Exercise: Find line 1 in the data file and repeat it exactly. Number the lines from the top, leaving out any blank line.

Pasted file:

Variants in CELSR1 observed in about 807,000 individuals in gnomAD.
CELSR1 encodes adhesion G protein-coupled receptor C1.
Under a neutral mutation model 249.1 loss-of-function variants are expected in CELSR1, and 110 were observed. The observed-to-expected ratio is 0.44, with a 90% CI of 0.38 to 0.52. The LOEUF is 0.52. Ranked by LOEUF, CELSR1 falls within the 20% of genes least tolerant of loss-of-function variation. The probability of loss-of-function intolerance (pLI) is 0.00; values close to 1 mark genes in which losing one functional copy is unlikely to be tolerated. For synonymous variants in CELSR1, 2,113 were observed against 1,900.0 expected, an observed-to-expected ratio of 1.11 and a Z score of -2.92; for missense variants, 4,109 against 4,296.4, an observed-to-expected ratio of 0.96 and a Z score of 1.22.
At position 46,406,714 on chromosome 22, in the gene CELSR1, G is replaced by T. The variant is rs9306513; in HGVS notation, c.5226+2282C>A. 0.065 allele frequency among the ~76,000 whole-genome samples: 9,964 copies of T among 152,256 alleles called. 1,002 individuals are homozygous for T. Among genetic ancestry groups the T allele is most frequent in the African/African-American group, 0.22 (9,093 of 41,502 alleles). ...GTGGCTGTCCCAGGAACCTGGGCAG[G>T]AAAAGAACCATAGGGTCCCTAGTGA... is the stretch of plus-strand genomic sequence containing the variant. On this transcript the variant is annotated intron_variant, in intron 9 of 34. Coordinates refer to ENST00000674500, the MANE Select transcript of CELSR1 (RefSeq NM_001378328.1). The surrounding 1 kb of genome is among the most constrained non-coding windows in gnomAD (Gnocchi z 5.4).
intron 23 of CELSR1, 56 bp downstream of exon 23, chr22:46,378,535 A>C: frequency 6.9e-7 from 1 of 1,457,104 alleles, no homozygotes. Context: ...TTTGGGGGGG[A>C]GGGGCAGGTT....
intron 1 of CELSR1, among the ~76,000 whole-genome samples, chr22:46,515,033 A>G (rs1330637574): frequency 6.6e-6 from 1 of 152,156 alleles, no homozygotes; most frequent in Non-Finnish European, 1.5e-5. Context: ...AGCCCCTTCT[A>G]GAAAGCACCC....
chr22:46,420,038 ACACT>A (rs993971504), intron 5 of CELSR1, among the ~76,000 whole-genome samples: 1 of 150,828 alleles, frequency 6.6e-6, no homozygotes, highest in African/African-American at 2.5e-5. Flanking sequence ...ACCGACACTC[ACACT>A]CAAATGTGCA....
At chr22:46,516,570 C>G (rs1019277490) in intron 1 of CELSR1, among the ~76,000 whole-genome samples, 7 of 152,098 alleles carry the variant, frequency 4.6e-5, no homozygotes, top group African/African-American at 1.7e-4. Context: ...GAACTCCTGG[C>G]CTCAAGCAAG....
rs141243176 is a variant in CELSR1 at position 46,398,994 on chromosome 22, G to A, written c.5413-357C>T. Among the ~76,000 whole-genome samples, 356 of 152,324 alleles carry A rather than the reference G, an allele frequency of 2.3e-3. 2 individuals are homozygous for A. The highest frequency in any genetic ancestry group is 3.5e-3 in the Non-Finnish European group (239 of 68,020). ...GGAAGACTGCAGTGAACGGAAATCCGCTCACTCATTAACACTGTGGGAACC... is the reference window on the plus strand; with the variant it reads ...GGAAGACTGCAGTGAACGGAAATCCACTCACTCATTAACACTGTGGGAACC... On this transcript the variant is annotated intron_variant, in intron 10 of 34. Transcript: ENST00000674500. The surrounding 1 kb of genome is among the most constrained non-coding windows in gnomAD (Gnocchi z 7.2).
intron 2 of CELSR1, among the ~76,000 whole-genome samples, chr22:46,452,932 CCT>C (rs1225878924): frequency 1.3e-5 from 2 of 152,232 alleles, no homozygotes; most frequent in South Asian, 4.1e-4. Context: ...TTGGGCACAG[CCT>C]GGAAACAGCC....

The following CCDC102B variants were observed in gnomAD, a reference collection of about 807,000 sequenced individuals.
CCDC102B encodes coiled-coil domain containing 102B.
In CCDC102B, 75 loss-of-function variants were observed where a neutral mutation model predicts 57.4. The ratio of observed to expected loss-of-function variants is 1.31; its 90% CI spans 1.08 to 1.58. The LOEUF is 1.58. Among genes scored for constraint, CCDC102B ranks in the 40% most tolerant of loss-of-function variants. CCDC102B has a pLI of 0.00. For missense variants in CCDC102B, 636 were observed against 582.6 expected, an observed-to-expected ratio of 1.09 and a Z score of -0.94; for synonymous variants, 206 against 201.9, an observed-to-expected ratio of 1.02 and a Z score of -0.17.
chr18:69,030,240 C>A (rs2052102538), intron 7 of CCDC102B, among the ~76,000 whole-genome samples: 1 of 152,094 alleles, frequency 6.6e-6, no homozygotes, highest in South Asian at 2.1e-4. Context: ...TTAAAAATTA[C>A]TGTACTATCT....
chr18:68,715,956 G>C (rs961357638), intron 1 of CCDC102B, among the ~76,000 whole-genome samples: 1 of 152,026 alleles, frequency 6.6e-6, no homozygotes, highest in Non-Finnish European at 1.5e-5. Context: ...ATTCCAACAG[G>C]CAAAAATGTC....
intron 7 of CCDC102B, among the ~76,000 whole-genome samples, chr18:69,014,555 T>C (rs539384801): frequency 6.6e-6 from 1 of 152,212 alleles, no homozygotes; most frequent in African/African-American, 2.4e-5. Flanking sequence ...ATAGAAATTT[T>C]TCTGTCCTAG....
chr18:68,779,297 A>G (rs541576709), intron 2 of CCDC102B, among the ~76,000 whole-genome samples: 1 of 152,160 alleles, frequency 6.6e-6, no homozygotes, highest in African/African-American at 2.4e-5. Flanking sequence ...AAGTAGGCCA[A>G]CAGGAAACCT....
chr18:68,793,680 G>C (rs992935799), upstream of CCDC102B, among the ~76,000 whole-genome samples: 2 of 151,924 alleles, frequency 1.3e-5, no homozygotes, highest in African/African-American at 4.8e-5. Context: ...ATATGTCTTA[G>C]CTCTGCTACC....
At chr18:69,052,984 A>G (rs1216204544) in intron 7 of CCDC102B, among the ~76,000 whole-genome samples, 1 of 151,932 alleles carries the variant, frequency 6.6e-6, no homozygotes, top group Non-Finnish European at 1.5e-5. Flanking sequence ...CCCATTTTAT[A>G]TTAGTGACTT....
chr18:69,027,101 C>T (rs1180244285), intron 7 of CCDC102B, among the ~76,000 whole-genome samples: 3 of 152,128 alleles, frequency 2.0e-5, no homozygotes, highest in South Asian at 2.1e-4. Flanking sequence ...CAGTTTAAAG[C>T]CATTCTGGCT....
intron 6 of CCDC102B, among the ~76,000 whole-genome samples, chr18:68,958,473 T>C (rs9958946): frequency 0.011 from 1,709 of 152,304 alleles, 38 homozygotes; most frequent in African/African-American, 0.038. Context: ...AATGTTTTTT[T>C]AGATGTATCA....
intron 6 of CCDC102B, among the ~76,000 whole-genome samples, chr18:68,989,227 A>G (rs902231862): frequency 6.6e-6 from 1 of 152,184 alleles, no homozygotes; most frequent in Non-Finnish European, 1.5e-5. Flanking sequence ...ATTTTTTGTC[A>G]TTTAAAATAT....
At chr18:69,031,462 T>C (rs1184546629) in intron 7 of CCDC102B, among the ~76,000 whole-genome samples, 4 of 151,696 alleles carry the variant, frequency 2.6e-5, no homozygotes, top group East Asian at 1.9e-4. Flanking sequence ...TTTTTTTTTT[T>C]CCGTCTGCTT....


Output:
Variants in CELSR1 observed in about 807,000 individuals in gnomAD.